Meanwhile Jonty Rhodes, having had his “hit” was relaxing with a bottle of water about thirty yards away when Klusener launched into one of his ninety yarders. From the corner of his eye, Jonty saw it coming. Almost instinctively, he cut short his conversation, threw away the plastic bottle and sprinted after it like a frisky dog chasing a ball on a beach.

    He wasn’t meant to get there because the ball had too much of a lead on him. But then, few things are meant to happen when Jonty is on the field. And so, as the ball descended, teasingly out of reach, he took off. Hands met ball five feet in the air, then together they came down to ground as the finest athlete of our times slid a good metre and a half along the turf.

    The feat accomplished, he merely threw the ball back and went off to complete his conversation. It was a while before I sat down.

    And to think that it wasn’t even a cricket match; that he could merely have watched it float away to be retrieved by the many pre-match hangers-on.

    It was magical; the kind of action that makes pilgrims out of us. The game may be threatened but there are some safe hands around.

    By Blogger sauravganguly, at 17:48  

  • saurav - that was great!

    By Blogger Tiger, at 17:53  

  • "J", he is good to listen to but his commentary is full of errors, and has very little substance.

    You only realize it when you watch the game live and listen to Henry Blofield at the same time.

    I watched the Natwest Finals this year while listening to him and was shocked with the inaccuracies of his comments (He actually called a cover drive a square cut on more than one occasion!!!).

    Like I said, his commentary makes for good entertainment, but I would not want to learn my cricket from that guy. For that, I would prefer to go to Boycott's mom :-)

    By Blogger Saurabh Wahi, at 17:55  

  • j,
    On the back foot cover drive: I think that is a difficult shot to play. ANd to clarify, yes, the cover drive is played off the back foot too. SRT plays a good one. VVS does too, if I am not mistaken.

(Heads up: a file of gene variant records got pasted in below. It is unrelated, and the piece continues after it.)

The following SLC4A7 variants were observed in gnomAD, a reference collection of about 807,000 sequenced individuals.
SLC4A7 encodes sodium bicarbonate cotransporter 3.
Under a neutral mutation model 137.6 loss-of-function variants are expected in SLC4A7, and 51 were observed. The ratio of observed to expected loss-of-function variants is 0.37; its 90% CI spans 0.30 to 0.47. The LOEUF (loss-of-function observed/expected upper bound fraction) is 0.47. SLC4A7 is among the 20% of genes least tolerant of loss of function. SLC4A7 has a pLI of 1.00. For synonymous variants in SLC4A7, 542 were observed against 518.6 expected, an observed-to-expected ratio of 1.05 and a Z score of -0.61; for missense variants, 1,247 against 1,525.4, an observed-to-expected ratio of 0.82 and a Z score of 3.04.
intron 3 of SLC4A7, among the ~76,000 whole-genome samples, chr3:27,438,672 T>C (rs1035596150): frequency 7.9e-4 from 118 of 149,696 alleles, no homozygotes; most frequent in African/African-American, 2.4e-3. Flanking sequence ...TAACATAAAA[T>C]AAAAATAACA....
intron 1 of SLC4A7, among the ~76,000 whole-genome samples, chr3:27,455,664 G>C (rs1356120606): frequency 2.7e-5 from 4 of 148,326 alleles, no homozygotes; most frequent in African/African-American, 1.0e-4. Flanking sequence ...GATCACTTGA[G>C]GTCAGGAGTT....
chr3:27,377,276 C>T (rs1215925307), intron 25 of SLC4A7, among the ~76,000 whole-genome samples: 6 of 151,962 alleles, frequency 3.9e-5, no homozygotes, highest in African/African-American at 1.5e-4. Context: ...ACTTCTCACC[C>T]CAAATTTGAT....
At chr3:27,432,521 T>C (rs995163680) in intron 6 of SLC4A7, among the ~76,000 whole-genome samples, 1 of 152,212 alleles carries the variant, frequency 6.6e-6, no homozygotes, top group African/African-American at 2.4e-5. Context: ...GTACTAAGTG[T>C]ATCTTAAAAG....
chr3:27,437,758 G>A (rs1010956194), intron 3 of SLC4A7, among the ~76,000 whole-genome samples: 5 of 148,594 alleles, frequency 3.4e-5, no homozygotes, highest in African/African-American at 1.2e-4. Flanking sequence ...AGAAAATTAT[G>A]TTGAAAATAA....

I remember one particular shot of RD, a sq drive of the back foot, flourish and all.
    For me, SRT's pull shot stands out. He has been out on it but remember the finals of an ODI series in SA (where Donald abused RD after being hit for a 6)? SRT hit a stunner off Rudi Bryson (I think) in that match. I havent seen him connect better than that.

    By Blogger Toney, at 17:58  

  • Toney, SRT's best shot has to be the straight drive past the bowler...

    By Blogger Saurabh Wahi, at 18:02  

  • in terms of technique, yes. I meant in terms of the joy I get, the pull shot.
    The straight six against Kasper in Sharjah is an exception though :)

    By Blogger Toney, at 18:05  

  • Straight drive 'past the bowler'.

    Now, that's another cliche!

    Can you hit a straigh drive past anyone else but the bowler?

    By Blogger Saurabh Wahi, at 18:05  

  • the umpire? :)

    By Blogger Toney, at 18:10  

  • @Saurabh - LOL, You are a minimalist. I am sure if you are asked to comment, you would be in the richie benaud mould ;-)

    If you take away bread and butter statements like:
    "Catches win matches"
    "We need a good partnership here"
    "x needs to stop fishing outside the off stump"
    "Kapil dev/any bowler walks back to his bowling mark"
    "What India don't want is to lose another wicket"
    "That is the end of the over"
    "Agarkar has a first-class century to his name"

    What else are they going to say?

    By Blogger sauravganguly, at 18:13  

  • @Saurabh Wahi - how about a straight drive past the umpire ?? just to shake things up ??

    @sganguly:i can see that you enjoy reading HB. i have no problems with that. He sets my teeth on edge thats all. His "sometimes .. blah blah .." opening might be his trademark now.